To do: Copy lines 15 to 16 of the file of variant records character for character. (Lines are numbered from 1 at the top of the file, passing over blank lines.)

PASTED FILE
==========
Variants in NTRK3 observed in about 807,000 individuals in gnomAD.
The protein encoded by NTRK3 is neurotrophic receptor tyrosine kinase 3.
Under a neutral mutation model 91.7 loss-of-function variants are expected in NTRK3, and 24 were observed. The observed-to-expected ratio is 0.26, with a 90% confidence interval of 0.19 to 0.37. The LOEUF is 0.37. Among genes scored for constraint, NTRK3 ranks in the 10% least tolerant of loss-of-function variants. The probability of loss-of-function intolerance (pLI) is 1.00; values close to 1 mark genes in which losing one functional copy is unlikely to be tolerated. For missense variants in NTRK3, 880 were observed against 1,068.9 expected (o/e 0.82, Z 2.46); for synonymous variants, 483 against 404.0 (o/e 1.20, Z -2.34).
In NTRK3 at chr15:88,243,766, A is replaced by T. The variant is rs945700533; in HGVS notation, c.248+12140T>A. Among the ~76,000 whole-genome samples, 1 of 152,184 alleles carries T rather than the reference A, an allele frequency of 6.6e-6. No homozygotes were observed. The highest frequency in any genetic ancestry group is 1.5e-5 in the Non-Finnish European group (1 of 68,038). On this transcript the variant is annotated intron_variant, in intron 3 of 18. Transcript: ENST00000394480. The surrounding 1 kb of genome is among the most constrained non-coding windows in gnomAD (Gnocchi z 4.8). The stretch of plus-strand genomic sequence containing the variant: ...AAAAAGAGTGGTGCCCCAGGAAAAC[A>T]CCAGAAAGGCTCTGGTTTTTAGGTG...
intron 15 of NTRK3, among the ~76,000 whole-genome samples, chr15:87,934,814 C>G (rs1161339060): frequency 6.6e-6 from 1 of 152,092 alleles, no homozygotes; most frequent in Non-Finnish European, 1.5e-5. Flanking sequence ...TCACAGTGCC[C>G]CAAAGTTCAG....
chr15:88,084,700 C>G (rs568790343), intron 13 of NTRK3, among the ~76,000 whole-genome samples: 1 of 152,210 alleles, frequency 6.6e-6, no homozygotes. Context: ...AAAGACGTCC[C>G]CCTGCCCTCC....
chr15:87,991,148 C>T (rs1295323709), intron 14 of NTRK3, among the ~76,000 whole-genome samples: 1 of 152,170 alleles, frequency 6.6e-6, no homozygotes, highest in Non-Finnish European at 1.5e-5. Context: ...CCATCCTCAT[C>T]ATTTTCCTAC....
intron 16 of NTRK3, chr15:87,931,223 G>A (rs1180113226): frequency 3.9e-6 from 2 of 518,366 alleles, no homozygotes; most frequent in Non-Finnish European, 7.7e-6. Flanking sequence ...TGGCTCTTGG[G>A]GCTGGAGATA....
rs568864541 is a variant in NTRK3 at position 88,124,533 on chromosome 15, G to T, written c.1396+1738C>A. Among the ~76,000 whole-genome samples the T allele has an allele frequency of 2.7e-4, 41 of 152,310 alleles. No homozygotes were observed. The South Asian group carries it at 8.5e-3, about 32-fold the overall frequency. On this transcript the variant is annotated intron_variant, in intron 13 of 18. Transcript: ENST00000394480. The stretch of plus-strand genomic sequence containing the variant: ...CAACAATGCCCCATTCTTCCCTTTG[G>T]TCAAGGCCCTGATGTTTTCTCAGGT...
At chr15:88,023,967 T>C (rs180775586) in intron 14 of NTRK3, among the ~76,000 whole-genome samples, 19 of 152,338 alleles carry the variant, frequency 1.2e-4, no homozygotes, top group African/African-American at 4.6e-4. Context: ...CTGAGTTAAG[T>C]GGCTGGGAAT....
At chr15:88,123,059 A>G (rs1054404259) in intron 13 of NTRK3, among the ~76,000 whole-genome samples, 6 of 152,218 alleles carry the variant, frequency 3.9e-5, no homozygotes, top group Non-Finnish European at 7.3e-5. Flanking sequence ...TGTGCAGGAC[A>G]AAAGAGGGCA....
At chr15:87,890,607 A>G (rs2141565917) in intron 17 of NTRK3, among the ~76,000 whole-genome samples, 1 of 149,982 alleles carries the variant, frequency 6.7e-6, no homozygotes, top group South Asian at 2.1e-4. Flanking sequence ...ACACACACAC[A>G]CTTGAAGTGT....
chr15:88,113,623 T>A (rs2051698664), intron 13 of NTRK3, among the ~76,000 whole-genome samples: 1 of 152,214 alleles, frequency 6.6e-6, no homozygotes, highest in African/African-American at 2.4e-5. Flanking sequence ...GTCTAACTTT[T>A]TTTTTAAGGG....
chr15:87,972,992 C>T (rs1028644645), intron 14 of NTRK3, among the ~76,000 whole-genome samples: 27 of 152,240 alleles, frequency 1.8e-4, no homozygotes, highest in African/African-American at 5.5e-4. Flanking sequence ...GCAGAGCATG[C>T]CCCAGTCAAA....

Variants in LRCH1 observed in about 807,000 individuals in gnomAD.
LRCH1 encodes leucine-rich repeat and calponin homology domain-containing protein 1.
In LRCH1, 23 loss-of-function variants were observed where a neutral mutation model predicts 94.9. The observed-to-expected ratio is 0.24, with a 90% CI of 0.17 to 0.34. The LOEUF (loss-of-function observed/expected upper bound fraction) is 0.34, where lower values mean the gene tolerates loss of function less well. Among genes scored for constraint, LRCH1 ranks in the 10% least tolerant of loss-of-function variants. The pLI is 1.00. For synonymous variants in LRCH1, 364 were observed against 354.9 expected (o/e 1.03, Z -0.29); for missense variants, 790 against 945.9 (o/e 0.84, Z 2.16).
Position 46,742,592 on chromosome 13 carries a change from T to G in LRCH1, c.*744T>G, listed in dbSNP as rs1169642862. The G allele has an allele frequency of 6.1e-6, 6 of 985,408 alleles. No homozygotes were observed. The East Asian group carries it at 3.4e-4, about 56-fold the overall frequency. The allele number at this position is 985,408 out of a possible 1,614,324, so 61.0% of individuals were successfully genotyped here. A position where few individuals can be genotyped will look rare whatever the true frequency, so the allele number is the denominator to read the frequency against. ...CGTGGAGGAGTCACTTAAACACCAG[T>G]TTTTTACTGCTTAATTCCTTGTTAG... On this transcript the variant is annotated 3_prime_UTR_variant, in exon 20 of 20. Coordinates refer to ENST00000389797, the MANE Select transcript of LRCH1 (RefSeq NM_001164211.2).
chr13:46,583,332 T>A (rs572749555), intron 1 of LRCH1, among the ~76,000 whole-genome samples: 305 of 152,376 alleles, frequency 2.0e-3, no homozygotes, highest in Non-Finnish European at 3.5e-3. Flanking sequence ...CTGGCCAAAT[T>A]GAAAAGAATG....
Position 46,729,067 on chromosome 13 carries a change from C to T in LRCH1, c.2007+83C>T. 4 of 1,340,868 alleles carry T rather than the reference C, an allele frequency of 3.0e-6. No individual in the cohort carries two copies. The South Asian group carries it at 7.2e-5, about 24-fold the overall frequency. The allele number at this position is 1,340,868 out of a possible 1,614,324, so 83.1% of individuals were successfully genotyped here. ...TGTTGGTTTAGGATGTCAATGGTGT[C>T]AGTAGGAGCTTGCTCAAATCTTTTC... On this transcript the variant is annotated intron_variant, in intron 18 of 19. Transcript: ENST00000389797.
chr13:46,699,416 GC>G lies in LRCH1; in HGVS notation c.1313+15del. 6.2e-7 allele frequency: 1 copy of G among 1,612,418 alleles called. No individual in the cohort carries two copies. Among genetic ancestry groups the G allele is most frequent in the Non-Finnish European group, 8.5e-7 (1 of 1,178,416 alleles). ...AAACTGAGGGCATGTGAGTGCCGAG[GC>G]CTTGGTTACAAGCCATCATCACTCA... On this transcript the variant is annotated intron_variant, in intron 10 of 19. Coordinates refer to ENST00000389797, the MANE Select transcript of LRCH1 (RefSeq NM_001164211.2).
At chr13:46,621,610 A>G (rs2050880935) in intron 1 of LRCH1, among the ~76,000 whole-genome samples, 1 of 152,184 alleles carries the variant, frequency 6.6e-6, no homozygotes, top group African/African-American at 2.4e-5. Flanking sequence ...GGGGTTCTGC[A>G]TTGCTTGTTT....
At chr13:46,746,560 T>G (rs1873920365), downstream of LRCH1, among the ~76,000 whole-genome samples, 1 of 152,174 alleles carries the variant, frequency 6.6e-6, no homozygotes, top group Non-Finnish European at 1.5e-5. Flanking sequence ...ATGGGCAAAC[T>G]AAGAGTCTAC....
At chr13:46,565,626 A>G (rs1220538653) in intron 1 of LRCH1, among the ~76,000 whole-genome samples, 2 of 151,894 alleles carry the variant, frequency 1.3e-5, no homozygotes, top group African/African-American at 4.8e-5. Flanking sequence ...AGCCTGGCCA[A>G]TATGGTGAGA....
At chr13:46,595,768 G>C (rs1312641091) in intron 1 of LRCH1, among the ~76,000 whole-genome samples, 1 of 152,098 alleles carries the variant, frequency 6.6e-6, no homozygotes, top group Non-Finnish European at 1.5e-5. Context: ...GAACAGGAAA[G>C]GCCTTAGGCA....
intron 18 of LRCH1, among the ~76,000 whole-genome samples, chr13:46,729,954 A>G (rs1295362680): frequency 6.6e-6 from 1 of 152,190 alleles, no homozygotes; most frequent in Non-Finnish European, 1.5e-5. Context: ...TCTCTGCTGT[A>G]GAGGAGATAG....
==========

Variants in LRCH1 observed in about 807,000 individuals in gnomAD.
LRCH1 encodes leucine-rich repeat and calponin homology domain-containing protein 1.